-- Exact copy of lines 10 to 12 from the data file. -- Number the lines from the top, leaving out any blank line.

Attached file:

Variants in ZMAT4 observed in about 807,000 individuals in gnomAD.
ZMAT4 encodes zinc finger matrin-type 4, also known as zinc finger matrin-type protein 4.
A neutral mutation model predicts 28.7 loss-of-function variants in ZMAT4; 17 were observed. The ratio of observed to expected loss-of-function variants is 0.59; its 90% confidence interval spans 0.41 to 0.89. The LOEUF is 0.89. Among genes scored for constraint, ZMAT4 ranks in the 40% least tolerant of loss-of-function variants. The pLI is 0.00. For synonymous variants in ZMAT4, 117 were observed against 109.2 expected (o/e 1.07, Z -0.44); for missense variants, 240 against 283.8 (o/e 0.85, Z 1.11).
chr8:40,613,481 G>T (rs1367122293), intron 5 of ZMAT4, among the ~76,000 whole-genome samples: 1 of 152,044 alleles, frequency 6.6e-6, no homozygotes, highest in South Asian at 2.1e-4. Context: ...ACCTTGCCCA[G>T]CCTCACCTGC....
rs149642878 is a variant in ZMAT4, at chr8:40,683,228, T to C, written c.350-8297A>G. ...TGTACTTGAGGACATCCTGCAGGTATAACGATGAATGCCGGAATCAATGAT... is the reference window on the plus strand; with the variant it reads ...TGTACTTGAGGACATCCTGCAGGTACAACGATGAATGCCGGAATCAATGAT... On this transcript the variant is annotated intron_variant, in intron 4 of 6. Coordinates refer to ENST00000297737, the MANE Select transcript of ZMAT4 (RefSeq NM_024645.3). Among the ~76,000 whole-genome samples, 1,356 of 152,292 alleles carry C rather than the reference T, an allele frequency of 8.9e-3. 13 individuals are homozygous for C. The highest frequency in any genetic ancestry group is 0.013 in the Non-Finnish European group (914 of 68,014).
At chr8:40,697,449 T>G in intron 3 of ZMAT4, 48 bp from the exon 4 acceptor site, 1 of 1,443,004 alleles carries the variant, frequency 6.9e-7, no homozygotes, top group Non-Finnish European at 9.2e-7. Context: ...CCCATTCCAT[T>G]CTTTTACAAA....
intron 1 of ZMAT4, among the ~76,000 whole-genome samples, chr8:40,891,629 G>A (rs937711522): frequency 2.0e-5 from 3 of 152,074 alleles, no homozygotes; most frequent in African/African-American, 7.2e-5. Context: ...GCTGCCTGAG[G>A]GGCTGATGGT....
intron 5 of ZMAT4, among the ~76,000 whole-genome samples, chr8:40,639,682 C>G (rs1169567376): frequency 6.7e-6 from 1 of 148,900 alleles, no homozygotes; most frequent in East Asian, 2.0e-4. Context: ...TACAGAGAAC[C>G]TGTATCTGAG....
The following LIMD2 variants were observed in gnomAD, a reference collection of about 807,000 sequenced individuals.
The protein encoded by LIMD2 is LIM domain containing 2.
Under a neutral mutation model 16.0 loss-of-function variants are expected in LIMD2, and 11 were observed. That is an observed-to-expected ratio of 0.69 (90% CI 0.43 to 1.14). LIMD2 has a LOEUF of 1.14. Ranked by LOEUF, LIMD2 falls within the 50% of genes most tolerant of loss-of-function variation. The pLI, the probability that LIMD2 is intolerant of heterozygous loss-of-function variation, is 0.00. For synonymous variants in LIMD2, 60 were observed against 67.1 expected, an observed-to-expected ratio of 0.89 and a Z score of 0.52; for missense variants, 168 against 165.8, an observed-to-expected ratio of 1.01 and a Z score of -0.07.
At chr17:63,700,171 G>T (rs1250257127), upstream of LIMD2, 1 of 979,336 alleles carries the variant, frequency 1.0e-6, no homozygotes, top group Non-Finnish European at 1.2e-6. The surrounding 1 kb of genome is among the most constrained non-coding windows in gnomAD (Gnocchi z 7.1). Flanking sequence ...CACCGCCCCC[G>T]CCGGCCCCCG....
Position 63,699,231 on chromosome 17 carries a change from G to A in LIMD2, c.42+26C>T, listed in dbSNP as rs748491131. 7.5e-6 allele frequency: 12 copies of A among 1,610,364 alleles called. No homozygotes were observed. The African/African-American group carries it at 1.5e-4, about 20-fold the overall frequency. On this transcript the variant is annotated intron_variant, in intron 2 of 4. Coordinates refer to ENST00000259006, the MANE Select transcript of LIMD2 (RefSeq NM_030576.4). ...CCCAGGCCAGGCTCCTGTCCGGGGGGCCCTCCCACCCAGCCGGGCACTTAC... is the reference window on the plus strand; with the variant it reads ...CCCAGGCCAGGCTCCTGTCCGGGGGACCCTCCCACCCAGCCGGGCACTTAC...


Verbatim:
The protein encoded by LIMD2 is LIM domain containing 2.
Under a neutral mutation model 16.0 loss-of-function variants are expected in LIMD2, and 11 were observed. That is an observed-to-expected ratio of 0.69 (90% CI 0.43 to 1.14). LIMD2 has a LOEUF of 1.14. Ranked by LOEUF, LIMD2 falls within the 50% of genes most tolerant of loss-of-function variation. The pLI, the probability that LIMD2 is intolerant of heterozygous loss-of-function variation, is 0.00. For synonymous variants in LIMD2, 60 were observed against 67.1 expected, an observed-to-expected ratio of 0.89 and a Z score of 0.52; for missense variants, 168 against 165.8, an observed-to-expected ratio of 1.01 and a Z score of -0.07.
At chr17:63,700,171 G>T (rs1250257127), upstream of LIMD2, 1 of 979,336 alleles carries the variant, frequency 1.0e-6, no homozygotes, top group Non-Finnish European at 1.2e-6. The surrounding 1 kb of genome is among the most constrained non-coding windows in gnomAD (Gnocchi z 7.1). Flanking sequence ...CACCGCCCCC[G>T]CCGGCCCCCG....